Published: Mar 09, 2011 7:32 PM EST
Updated: Mar 09, 2011 4:37 PM EST

ATHENS, Ga.- They might be mortal enemies on the football field, but students from Vanderbilt University and the University of Florida are willing to pitch in to help Athenians in need.

About 15 students from the University of Georgia's SEC rivals are spending their spring break this week volunteering for Athens Area Habitat for Humanity, renovating apartments and building houses in East Athens.

"We dominated them before, so we can help them now," joked Pamela Cayemitte, a Florida senior.

Cayemitte and her classmates are in Athens as part of Habitat International's Collegiate Challenge, a program that sends college students to work on Habitat projects during spring break.

"I was trying to find something useful to do on spring break, to use my time wisely," said another Florida student, Scott Brown.

Next week, students from Suffolk University in Boston are scheduled to arrive.

The volunteers are helping to renovate 16 apartments off East Broad Street for ReNew Athens, an offshoot of Habitat that focuses on rental units. The two-bedroom apartments will rent for $350 to $424 per month or no more than 30 percent of tenants' income, Executive Director Spencer Frye said.

The first tenants - a homeless husband and wife who are living in shelters and making ends meet recycling scrap metal - will move in next week and serve as caretakers, Frye said.

"Then we can potentially move them into home ownership," he said.

Volunteers are also working on two Habitat houses in Carpenter's Circle, a small seven-house subdivision off Burney Street. One will belong to Tina Steele, a hospital cook and Habitat volunteer, and her 10-year-old son.

"They are amazing, every group that comes out," Steele said.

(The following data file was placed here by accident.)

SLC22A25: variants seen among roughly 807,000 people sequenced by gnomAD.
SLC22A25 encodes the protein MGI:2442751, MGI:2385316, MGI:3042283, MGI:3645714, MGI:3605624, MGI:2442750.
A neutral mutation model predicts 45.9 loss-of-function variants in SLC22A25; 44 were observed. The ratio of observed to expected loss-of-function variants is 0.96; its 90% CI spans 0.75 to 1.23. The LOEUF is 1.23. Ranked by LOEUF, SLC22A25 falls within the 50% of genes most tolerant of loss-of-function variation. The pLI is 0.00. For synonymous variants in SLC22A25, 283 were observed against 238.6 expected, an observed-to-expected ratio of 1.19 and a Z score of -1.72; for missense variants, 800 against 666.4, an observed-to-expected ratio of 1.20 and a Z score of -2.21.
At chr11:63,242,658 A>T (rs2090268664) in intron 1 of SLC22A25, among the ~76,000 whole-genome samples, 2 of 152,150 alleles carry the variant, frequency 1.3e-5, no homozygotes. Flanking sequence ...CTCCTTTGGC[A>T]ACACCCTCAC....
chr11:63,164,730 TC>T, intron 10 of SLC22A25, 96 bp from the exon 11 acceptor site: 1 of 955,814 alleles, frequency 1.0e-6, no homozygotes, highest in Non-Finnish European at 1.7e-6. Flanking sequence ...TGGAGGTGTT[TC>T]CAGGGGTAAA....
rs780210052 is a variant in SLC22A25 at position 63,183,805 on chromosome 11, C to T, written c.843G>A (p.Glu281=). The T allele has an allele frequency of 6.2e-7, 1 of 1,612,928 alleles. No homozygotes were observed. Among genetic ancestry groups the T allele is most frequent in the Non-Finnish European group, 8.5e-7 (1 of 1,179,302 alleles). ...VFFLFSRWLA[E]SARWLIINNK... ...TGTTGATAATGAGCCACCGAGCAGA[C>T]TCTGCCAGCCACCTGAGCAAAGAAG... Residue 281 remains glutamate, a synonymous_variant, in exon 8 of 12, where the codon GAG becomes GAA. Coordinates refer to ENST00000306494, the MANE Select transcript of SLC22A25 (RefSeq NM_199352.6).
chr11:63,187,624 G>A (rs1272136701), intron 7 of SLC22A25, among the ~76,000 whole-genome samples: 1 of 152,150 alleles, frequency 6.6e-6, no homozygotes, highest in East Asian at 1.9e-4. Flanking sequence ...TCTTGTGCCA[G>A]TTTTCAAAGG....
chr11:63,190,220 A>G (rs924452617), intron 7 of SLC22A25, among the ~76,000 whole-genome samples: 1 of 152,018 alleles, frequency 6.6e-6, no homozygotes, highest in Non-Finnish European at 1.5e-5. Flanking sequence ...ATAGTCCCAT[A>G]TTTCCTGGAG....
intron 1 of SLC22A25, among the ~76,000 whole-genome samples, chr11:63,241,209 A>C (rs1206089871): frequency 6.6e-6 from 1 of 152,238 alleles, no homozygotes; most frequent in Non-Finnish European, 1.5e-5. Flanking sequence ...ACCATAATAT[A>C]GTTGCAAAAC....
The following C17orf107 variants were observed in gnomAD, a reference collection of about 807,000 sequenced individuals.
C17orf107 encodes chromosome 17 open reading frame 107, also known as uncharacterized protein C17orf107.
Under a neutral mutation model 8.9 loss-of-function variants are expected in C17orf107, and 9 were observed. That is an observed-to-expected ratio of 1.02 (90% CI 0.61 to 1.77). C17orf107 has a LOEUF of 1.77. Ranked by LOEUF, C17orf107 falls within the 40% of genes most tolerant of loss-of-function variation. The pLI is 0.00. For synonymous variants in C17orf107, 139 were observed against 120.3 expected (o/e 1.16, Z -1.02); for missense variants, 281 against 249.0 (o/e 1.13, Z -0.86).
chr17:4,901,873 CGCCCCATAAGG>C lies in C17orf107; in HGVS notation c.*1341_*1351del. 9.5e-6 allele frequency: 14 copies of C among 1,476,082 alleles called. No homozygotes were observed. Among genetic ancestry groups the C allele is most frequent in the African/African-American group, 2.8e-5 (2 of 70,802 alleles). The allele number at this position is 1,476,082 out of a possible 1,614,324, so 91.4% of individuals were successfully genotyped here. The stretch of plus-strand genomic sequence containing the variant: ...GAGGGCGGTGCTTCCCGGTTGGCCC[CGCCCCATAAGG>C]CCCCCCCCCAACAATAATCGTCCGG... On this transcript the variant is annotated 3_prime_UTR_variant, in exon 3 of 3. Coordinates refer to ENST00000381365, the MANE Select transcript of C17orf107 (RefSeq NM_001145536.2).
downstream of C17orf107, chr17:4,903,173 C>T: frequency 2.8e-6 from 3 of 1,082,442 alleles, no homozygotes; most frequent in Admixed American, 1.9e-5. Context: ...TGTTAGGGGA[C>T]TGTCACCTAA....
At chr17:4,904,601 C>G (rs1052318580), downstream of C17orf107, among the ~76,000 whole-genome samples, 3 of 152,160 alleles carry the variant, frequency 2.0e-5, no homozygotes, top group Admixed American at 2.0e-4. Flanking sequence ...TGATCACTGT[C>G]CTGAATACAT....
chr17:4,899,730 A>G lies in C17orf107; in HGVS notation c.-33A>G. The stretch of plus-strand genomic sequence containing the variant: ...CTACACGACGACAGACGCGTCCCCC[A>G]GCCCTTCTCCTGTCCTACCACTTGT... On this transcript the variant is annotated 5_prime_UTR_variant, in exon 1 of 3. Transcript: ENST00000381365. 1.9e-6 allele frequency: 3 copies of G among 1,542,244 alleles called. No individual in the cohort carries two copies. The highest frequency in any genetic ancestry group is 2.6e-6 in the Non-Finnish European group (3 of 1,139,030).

When they're not hammering nails and painting walls, Collegiate Challenge participants sleep at Milledge Avenue Baptist Church and shower at the Athens YMCA. They provide their own transportation, and local restaurants are donating meals.

In their spare time, students said they plan to tour the UGA campus and check out the downtown Athens bar scene.

"Athens is a destination location," Frye said. "We have people constantly wanting to come here."

Both Carpenter's Circle and the East Broad apartments are in what was once one of the highest-crime neighborhoods in Athens, but the area is changing. Police records now show fewer crimes around the developments than on surrounding blocks. Habitat's tenant screening, property management and strict lease agreements should lead to even lower crime rates, according to Athens-Clarke Assistant Police Chief Alan Brown.

"I think it's made a huge impact on stabilizing the neighborhood," Frye said.

Habitat also has its eye on other nearby properties, like a row of duplexes on Simmons Street, Frye said.

"What I'm doing is going through here and picking out houses where we know there's drug activity or it's boarded up," he said.

(Copyright 2011 by The Associated Press. All Rights Reserved.)